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Christian relationships (5:21-6:9)
People can have good relations with one another only as they consider one another. When they insist on their rights without considering others, they only destroy harmony and fellowship (21).
In the next section Paul illustrates this principle in certain family and social relationships. In 5:22-33 he considers the the case of husbands and wives, in 6:1-4 the case of parents and children, and in 6:5-9 the case of masters and servants. In union with Christ, people within these various categories share the same spiritual status (Galatians 3:28). But in the family and in society, people have different functions, and they must know how they should act towards each other.
If a family is to enjoy genuine contentment, it must have leadership, and this responsibility rests with the husband. As the church submits to Christ, so the wife is to submit to her husband (22-24). Christ’s headship of the church, however, was shown not through the use of force, but through the sacrifice of himself for her, so that she might be pure and faultless (25-27). Likewise the husband’s headship of the wife is shown not by forcing his authority upon her, but by treating her as equal with himself (28-29). There is unity between husband and wife, as there is between Christ and his church. This unity is the basis of the relationship (30-33).
Paul refers to the Ten Commandments to support his teaching that in the Christian family, children have a responsibility to obey and respect their parents. Although this is a duty, it will also bring a reward (6:1-3). Parents, on their part, must combine wise teaching with understanding discipline if they are to expect the children’s respect and obedience (4).
Slavery was so widespread in the world of the first century that the social, political and economic order of the day could scarcely survive without it. Paul knew that he could not expect slavery to be abolished immediately, but he worked towards its abolition by encouraging new attitudes. In most churches there were Christian slaves and Christian masters, but their attitudes to each other had to change now that they were both ‘in Christ’. The same principles can be applied to employers and employees in any society. Christians must work honestly and well for an earthly master, as if they were working for Christ (5-8). Christian masters must act with similar honesty and concern towards those who work for them. They must remember that, in the eyes of God, masters are servants and God is their master (9).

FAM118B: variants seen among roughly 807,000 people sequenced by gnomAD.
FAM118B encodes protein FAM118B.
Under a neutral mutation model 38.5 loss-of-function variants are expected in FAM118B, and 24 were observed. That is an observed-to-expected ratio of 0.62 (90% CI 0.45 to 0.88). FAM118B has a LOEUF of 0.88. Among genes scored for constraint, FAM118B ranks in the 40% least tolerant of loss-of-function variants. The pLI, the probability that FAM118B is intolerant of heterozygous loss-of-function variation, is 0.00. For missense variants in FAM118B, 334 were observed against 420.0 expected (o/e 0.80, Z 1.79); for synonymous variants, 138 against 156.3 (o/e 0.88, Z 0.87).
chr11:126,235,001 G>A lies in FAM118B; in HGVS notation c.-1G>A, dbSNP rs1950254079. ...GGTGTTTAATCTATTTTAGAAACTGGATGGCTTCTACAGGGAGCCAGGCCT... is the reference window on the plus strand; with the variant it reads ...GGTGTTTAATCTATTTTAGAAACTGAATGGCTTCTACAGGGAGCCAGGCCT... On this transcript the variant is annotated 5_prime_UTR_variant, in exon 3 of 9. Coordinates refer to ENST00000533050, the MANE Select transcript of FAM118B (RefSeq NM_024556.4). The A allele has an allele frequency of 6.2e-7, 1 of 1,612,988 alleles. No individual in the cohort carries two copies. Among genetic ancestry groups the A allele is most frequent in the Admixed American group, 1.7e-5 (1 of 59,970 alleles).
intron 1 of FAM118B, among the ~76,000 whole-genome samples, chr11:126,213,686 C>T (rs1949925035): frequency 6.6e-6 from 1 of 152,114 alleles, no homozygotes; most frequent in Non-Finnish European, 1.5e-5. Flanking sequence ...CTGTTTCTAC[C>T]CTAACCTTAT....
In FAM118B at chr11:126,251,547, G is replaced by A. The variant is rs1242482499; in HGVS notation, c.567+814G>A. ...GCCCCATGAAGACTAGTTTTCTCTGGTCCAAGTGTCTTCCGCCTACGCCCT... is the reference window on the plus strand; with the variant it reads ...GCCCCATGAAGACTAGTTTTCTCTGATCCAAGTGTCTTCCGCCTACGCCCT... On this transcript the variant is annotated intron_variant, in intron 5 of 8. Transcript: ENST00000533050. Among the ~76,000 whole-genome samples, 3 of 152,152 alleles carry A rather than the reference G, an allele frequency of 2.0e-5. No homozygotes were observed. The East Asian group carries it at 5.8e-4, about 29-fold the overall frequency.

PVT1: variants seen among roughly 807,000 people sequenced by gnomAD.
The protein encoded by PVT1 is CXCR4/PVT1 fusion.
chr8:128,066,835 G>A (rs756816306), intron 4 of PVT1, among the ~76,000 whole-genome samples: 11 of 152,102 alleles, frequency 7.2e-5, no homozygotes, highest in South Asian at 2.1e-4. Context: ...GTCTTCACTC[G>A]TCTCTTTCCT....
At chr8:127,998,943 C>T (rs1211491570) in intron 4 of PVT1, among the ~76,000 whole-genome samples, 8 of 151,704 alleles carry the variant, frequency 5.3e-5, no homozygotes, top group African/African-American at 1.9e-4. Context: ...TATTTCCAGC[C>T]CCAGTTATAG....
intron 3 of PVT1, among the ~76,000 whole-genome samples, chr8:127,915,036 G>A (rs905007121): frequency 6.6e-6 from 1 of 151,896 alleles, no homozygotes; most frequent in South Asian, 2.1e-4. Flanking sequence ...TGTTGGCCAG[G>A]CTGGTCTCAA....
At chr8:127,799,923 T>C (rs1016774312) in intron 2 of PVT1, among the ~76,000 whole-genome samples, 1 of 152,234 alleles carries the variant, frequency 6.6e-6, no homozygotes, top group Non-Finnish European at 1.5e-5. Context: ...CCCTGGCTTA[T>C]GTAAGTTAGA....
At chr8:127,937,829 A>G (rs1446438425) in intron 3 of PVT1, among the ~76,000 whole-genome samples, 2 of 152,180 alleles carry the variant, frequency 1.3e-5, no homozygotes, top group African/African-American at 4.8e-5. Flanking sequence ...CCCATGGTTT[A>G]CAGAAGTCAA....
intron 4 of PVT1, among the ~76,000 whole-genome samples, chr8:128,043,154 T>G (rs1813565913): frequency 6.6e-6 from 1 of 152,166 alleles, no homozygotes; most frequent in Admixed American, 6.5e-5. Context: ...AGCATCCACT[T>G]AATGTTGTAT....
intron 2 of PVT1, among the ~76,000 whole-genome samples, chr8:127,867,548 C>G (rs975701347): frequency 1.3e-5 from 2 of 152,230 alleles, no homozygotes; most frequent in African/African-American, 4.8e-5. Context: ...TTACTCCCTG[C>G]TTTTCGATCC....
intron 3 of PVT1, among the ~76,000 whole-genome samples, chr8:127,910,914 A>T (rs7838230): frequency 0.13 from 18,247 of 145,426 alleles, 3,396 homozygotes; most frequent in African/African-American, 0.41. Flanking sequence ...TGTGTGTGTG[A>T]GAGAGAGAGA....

The Christian’s warfare (6:10-24)
For Christians, life involves warfare, though the battle is not with earthy forces but with spiritual. They are involved in a struggle against hostile demonic powers who have rebelled against God and oppose his people. As ancient soldiers wore armour when they fought their battles, so Christians must prepare themselves for conflict. They receive their armour, as well as their strength, from God, but they themselves must fight the battle. Above all they must make sure that when the battle is over, they are still on their feet (10-13).
In putting on his armour, the Roman soldier first tied his under-robes together by a belt, then put on his breastplate and shoes, and finally took up his shield, helmet and sword. Christians likewise should be fully prepared to meet the enemy. They must secure the inner life through the truth, and protect the outer life by being morally upright (14). Their feet must be ready to take the gospel to any place at any time. A firm faith in God will provide them with a shield against the devil’s temptations (15-16). The knowledge of their sure salvation will give them assurance of complete victory. As they increase their knowledge of God’s Word, they will be able to use that Word when fighting the enemy. In addition they must pray constantly, both for themselves and for fellow Christians who are engaged in a similar battle (17-18).
Finally, Paul asks prayer for himself, not that he might escape prison, but that he might speak boldly for Christ as a good ambassador should (19-20). If the Ephesians want to know more about Paul’s circumstances in prison, Tychicus can tell them when he delivers the letter. They can always be assured that God will be faithful to those who are faithful to him (21-24).
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Text Courtesy of BibleSupport.com. Used by Permission.
Flemming, Donald C. "Commentary on Ephesians 6". "Fleming's Bridgeway Bible Commentary". https://www.studylight.org/
the Fourth Week after Epiphany